Using your design my master is almost never off 10, and no issues.
    Other than heat it does get hot now after an hour or so of playing its around 60 or 70 deg c almost too hot to hold your hand on.
     
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  13. tmingle

    tmingle Active Member

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    I found a 50 ohm rheostat in my pile of junk to use as the 2nd stage of John's 16 ohm version. Do I even need the 3rd stage? I also am going to add a line out to use with impulses & will probably just order the remainder of the items from Mouser. IMG_1286.JPG IMG_1287.JPG
     
  14. JohnH

    JohnH Well-Known Member

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    Hi tmingle. Nice idea about the reostat, but Its maybe not so easy. The key to the consistent tone of this design is the consistent impedances seen by amp and speaker, and using this could throw them off. But if you could let me consider further I might figure something. In which case:

    is it just a two-lug unit or is it three lugs like a pot?
    Power or current rating: is that a 1Amp rating? Lets say you are running at 10w after stage 1 into 16 ohm, then there is about 0.8Amp running, a bit too close for ir all to go through that piece?
     
  15. tmingle

    tmingle Active Member

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  16. tmingle

    tmingle Active Member

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    It's 3 lugs. I was afraid of the same thing, so I ordered the resistors in my previous post. Since they were cheap, I went with all 100W resistors. My 40C starts to sound better above about 2-3 on the volumes. I have a small room & 2-3 is too loud. It really starts to cook above 4, which is way too loud. If I read the schematic correctly, the 40C MV is not the same as the 401.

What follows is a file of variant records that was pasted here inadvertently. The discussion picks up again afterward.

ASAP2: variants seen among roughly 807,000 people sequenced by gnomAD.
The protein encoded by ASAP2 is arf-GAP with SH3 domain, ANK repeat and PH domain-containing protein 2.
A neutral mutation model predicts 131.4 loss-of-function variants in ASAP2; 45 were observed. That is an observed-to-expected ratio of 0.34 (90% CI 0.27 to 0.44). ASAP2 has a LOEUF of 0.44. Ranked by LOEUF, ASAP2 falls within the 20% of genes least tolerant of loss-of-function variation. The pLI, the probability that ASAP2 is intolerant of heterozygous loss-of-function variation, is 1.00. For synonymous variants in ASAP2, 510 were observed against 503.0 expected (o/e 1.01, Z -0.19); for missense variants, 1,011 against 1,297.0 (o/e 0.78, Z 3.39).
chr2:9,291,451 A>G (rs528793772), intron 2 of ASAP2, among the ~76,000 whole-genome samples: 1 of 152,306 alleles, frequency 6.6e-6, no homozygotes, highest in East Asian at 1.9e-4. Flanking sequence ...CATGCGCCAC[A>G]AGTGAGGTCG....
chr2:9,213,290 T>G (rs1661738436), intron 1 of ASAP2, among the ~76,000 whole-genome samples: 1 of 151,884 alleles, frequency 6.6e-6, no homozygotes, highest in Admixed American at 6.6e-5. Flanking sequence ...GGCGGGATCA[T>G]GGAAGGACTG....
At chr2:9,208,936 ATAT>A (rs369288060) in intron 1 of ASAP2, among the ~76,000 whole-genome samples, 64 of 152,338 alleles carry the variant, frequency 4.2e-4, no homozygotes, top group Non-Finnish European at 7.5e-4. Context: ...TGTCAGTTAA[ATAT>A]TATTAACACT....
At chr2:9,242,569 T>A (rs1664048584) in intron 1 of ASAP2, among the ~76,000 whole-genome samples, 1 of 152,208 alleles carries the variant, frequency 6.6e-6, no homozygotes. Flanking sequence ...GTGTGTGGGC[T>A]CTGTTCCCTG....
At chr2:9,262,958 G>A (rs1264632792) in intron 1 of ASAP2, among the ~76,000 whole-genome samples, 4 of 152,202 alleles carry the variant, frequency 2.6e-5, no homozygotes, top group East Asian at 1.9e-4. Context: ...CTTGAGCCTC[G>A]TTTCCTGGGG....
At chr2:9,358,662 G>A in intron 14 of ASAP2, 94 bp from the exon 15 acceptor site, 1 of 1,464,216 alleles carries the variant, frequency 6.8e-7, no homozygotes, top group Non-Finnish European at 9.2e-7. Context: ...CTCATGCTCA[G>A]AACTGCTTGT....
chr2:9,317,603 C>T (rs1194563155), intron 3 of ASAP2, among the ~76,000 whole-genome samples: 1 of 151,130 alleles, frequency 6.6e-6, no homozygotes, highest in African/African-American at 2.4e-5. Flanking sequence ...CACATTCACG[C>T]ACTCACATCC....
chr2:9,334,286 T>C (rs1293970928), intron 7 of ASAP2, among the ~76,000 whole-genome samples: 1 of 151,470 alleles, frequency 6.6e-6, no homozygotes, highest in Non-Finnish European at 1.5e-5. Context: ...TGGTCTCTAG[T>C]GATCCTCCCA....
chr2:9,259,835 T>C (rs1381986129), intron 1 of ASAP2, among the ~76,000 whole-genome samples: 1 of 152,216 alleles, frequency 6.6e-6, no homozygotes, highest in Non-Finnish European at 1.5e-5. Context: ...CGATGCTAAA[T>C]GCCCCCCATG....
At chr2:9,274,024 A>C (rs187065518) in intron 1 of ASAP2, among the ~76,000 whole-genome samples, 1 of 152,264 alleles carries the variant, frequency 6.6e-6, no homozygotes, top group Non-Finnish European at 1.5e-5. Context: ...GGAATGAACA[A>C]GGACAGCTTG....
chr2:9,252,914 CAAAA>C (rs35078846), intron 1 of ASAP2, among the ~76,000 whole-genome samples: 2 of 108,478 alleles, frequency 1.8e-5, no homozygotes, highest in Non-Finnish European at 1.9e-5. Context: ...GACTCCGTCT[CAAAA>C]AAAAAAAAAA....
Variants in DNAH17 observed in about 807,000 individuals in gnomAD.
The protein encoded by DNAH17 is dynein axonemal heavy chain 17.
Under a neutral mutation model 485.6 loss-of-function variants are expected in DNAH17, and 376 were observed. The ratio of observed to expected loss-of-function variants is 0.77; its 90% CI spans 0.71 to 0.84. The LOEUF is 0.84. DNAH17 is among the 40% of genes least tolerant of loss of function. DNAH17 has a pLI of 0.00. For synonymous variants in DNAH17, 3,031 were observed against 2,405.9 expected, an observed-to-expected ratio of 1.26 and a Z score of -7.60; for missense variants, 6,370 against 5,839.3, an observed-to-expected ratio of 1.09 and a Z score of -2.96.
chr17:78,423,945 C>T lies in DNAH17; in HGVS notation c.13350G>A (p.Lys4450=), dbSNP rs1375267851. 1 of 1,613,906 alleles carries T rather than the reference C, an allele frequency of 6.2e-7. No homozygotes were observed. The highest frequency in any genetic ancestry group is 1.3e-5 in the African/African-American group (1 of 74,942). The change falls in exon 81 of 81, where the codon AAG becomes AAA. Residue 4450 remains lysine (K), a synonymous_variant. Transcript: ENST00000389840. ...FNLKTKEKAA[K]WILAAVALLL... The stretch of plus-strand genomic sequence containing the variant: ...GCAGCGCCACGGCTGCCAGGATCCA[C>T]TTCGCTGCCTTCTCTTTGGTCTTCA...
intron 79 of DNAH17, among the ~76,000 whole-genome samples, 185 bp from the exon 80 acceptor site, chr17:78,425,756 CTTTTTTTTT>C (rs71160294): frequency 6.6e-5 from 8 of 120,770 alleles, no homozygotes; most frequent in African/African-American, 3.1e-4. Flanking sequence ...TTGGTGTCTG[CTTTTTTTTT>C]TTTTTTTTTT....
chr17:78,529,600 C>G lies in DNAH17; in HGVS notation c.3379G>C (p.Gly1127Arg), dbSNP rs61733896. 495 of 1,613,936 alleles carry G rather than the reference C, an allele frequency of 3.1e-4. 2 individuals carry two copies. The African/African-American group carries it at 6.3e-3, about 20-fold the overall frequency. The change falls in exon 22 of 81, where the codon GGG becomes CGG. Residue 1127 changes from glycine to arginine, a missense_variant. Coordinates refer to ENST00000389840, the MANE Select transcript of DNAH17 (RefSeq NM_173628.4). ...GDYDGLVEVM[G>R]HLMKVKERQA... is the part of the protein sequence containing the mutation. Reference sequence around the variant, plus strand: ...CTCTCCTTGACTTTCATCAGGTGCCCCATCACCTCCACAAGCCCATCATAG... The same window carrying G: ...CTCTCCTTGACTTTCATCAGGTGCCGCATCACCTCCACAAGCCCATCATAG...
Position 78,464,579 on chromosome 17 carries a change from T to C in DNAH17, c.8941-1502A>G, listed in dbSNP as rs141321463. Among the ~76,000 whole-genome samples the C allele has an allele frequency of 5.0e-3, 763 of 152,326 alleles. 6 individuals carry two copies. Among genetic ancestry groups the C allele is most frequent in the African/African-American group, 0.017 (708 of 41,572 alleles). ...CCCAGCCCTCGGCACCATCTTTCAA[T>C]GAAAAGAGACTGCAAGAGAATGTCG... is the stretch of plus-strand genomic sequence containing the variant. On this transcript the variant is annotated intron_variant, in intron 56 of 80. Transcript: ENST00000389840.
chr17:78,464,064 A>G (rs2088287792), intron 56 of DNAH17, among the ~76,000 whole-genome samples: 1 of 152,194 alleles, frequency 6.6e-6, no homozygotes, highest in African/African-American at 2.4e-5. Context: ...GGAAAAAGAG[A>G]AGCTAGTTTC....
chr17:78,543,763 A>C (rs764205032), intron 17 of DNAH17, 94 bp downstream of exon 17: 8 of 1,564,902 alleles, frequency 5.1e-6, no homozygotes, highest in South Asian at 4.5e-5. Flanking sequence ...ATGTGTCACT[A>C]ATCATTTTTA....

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  17. JohnH

    JohnH Well-Known Member

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    ok, thats great. so you can anyways build the all-switched version as an option. But Im interested to figure out how a pot can be incorporated, so Ill see what I can do.

    Yes I think the 40C has a normal MV while the 401 had a PPIMV. There's also that thing about the C19 bright cap that folk around here seem to snip or reduce on a 40C.
     
  18. tmingle

    tmingle Active Member

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    I removed it and then put it back in while I installed my bias pots a few months back.. I don't use L2 much on the 40C.
     
  19. JohnH

    JohnH Well-Known Member

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    I had a go at designing the 50 Ohm pot into the 16 Ohm attenuator circuit, at Stage 3. Stages 1 and 2 are unchanged.

    There are three other resistors around the pot, aimed at controlling impedances and also current flow through the pot. With Stage 2 off and Stage 3 at minimun, with 50W input, the greatest current through the pot is calculated at 0 73 Amp. Thats within a 1A rating, but it would be expected to heat up.

    In general, I was going for ouput impedance in the range 2 to 2 5 x nominal ohms with these designs. This one peaks at about 46 Ohms, just under 3x nominal Should be Ok, but not tested yet.


    With this arrangement, the pot is giving a 10 db range, providing from 3 to 13 db of attenuation when Stage 3 is engaged. Using this and the other stages together, you have -7db, and then any setting needed in the range from -10 to -27db.

    Note that the switch for Stage 3 now needs two poles instead of 1.

    I think this could be particularly useful for an NMV amp, or for those who just have to twiddle a knob. But for me, I think I prefer the switched-only versions, since they are simpler and more electrically robust.
     
    Last edited: Jul 9, 2018
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  20. JohnH

    JohnH Well-Known Member

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    Its a good idea. I reckon just take your line-out directly from the speaker, via a 10k pot if you want its own control. That way you get all the electrical interactions of resonance and inductance from the speaker. Its almost like a full (expensive) inductive load-box, with the advantage of using the real speaker instead of an electrical model.
     
    Last edited: Jul 9, 2018